Ionization energy:

The energy required to remove the outermost shell electron in isolated gaseous atom when present in ground state is called Ionization energy (I.E). It is an elemental and thermodynamic property also termed as ionization potential and ionization enthalpy. It is also an endothermic process.

The ionization energy units are ev, kjmol-1, and kcalmol-1 and they are used for qualitative measurement of stability of atom.

Ionization energy relation with stability:

Ionization energy is directly proportional to stability but inversely proportional to reactivity. So as the ionization energy increases stability of element/atom also increase but it becomes less reactive.

                                                        I.E = stability = 1/reactivity

For example: noble gases have high ionization energy and stability but are low in reactivity. On the other hand, alkali metals are low in ionization energy and stability, but they are very reactive metals.

Successive ionization energy:

The energy needed to eliminate electrons one by one in stages in called successive ionization energy. The energy required to remove the first electron to form a cation is called first ionization energy, and the energy required to eliminate the second electron is called second ionization energy, and so on.

Mg –> Mg+1 + 1e  =  738kjmol-1

Mg –> Mg+2 + 2e  =  1451kjmol-1

Mg –> Mg+3 + 3e  =  7730kjmol-1

The second and third ionization energies are always higher than the first and second ones, respectively.

                                                   I.E1 < I.E2 < I.E3

The reason is that by decreasing the number of electrons, the proton number increases automatically, and the nucleus attracts the remaining electrons more powerfully. That’s why a high amount of energy is needed to remove electrons.

Helium has the highest ionization energy since it has a small size and more nuclear attraction to its electrons. Cesium has the lowest ionization energy due to its large size, and electrons are away from the nucleus, so less energy is required to remove electrons.

Factors effecting on I.E:

Effective nuclear charge

Effective nuclear charge is the nucleus attraction towards electrons, and it enhances as the size gets smaller. In easy words, it’s the nucleus grip on electrons. The ionization energy is directly proportional to the effective nuclear charge. As the charge increases, more energy is required to remove electrons.

                                                 I.E = effective nuclear charge

Shielding/Screening effect

In an atom, the inner shell electrons form a shield between the nucleus and the outer shell electrons, and as a result, the outer shell electrons face a less effective nuclear charge. This is called the shielding effect. The ionization energy is inversely proportional to the shielding effect. As the shielding effect increases, it becomes easier to remove electrons due to the less effective nuclear charge.

                                                I.E = 1/shielding effect

Atomic radius

Atomic radium is inversely proportional to I.E. By increasing the atomic radius, the shielding effect also increases, making it easier to eliminate electrons from the shell.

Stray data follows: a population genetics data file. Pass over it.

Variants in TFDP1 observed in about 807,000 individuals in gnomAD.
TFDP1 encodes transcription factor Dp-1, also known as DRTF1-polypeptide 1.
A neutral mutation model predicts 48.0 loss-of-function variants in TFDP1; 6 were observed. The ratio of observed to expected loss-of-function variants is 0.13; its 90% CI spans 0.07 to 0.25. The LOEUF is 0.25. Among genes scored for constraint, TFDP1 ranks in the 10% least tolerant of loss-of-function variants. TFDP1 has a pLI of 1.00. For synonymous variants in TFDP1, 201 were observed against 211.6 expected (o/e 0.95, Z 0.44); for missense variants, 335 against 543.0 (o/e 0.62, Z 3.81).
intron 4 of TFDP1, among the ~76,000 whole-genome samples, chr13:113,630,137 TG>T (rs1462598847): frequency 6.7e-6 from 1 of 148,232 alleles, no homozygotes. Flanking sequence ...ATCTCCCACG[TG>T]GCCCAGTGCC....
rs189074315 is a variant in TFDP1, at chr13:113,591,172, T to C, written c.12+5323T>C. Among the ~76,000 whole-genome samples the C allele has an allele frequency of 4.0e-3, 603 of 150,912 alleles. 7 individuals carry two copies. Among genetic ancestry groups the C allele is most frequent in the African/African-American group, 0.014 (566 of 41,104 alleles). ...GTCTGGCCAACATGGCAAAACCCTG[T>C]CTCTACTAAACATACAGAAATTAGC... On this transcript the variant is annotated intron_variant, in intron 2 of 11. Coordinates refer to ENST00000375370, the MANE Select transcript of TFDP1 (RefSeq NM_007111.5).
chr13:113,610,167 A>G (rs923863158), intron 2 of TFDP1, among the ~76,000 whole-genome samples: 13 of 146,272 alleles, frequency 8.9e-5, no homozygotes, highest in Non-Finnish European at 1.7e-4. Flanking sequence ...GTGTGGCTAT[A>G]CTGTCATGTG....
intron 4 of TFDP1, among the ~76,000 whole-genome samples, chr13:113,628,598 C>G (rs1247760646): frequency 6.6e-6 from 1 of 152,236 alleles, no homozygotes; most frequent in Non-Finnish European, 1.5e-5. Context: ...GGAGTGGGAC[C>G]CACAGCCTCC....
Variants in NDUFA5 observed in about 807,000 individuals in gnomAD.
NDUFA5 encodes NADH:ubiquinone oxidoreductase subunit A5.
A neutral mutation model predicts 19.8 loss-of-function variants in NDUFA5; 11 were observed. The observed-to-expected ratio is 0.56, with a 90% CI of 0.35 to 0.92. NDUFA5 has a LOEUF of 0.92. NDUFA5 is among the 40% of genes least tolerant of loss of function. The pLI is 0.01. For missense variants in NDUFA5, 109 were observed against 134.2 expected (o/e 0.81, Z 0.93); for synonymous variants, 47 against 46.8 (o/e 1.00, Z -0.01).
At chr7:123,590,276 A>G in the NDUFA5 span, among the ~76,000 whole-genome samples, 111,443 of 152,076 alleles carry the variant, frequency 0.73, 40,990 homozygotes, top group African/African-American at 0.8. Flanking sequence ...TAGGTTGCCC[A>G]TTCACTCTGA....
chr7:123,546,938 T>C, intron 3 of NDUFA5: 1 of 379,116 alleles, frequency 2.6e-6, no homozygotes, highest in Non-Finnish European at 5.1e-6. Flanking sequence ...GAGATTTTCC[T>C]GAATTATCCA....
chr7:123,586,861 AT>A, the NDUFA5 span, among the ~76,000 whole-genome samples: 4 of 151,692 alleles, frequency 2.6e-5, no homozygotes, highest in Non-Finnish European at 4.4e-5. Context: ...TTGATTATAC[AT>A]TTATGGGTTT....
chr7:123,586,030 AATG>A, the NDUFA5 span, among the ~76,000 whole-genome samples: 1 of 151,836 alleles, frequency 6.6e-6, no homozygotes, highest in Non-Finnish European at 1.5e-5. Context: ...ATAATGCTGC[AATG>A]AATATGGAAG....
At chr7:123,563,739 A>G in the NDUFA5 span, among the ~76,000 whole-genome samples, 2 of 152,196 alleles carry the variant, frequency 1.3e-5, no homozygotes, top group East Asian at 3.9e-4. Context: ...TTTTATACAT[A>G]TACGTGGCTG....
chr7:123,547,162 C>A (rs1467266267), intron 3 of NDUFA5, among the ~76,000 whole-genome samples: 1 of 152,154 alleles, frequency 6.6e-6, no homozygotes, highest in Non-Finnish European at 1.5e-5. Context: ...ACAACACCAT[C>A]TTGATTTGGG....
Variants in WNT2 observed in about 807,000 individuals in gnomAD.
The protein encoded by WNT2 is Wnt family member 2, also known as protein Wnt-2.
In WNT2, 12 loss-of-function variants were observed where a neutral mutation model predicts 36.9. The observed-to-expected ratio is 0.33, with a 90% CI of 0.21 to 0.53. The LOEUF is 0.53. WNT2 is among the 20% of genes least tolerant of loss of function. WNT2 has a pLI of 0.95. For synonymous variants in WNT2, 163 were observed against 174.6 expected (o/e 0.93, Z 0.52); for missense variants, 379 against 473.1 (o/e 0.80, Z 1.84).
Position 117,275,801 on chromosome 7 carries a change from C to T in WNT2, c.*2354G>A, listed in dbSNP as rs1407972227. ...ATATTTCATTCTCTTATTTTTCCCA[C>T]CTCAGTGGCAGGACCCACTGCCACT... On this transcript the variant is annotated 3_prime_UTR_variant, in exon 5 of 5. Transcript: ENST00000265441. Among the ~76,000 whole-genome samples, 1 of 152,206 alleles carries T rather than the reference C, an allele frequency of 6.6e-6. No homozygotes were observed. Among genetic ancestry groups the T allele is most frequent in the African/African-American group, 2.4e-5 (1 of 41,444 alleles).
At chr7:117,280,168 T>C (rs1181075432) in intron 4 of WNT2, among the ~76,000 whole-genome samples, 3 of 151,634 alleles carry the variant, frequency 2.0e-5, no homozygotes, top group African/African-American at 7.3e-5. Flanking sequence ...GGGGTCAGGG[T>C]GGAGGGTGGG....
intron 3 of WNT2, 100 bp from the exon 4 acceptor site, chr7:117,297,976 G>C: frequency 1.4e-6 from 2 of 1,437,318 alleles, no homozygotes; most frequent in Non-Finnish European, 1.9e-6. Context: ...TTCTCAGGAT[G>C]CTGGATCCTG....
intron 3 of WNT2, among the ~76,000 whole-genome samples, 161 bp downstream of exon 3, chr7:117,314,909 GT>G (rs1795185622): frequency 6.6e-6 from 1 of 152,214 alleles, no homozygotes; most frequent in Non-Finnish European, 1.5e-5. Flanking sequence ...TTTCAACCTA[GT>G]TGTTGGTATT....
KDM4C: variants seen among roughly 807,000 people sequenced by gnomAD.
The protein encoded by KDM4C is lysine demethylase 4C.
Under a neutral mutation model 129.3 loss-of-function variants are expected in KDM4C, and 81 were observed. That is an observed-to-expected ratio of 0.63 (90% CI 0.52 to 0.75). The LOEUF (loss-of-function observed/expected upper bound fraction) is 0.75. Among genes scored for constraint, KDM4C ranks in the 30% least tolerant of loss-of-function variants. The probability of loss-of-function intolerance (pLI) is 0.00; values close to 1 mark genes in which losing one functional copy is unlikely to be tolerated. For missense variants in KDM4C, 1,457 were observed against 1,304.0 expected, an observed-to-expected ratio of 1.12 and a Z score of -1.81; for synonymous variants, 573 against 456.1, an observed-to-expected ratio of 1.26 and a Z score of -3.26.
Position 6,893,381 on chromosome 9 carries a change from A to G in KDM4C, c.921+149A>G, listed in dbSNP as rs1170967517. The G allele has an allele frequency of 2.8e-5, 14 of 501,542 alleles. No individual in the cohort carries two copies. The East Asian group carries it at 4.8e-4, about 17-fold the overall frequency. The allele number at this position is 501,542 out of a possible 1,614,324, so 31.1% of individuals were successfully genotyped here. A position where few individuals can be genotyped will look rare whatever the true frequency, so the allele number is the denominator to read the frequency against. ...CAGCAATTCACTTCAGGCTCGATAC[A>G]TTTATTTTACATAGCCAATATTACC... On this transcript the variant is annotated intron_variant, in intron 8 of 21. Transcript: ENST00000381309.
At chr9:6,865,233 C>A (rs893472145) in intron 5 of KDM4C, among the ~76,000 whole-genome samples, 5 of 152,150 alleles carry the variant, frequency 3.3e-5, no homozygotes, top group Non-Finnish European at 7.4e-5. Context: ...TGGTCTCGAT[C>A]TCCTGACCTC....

I.E = 1/atomic radius

Nature of the orbital

Because of the small size s-orbital requires more energy to remove electrons and due to the larger f-orbital size, requires less energy to remove electrons.

                                                       s > p > d > f

Electronic configuration:

Stable orbitals like full-filled and half-filled require the highest and highest energy to remove electrons, respectively, as compared to partially filled. Stable orbitals do not easily lose electrons as compared to unstable orbitals.

                              Fully-filled > half-filled > partially-filled


  1. To find out the index of metallic character, which is inversely proportional to I.E. Metals easily lose electrons and require less I.E. to remove them. So less I.E. value means more metallic character.
  2. To find out the strength of the reducing agent. As the reducing agents can oxidize themselves and reduce others (give electrons), it becomes easier to remove electrons. For example: alkali metals are good reducing agents, so they require less I.E. to remove electrons.
  3. To find out the reactivity of metals. Most reactive metals easily release electrons and require less I.E. So, the reactivity is inversely proportional to I.E. Note: This rule is only applicable to electro-positive elements such as alkali and alkaline earth metals but not to electro-negative elements.
  4. To predict the valency of atoms through the gap of I.E.

Periodic trends:

Top-to-bottom decreaseReasons:
Increase in shells
Increase in shielding effect
Increase in atomic size
Decrease in effective nuclear charge
Left-to-right increaseReasons:
No. of shells is the same
Shielding effects are almost same
Decrease in atomic radius
Increase in effective nuclear charge


The first three elements of groups IIIA and VIA show abnormal behavior with group IIA and VA group elements because of unstable electronic configuration. In comparison to IIA and IIIA, the IIA elements have a filled orbital, and the IIIA group elements have a partially filled orbital. Same in the case of VA and VIA, in which VA is half-filled and VIA is partially filled.

So according to stability rule: Fully-filled > half-filled > partially-filled

And I.E is directly proportional to stability/ electronic configuration

To know more about the processes and chemicals visit

Difference between Electron affinity and Ionization energy.

In simple words electron affinity is the amount of energy releases when we add an electron in gaseous atom and ionization energy is energies amount that is needed to eliminate the electron from that gaseous atom.

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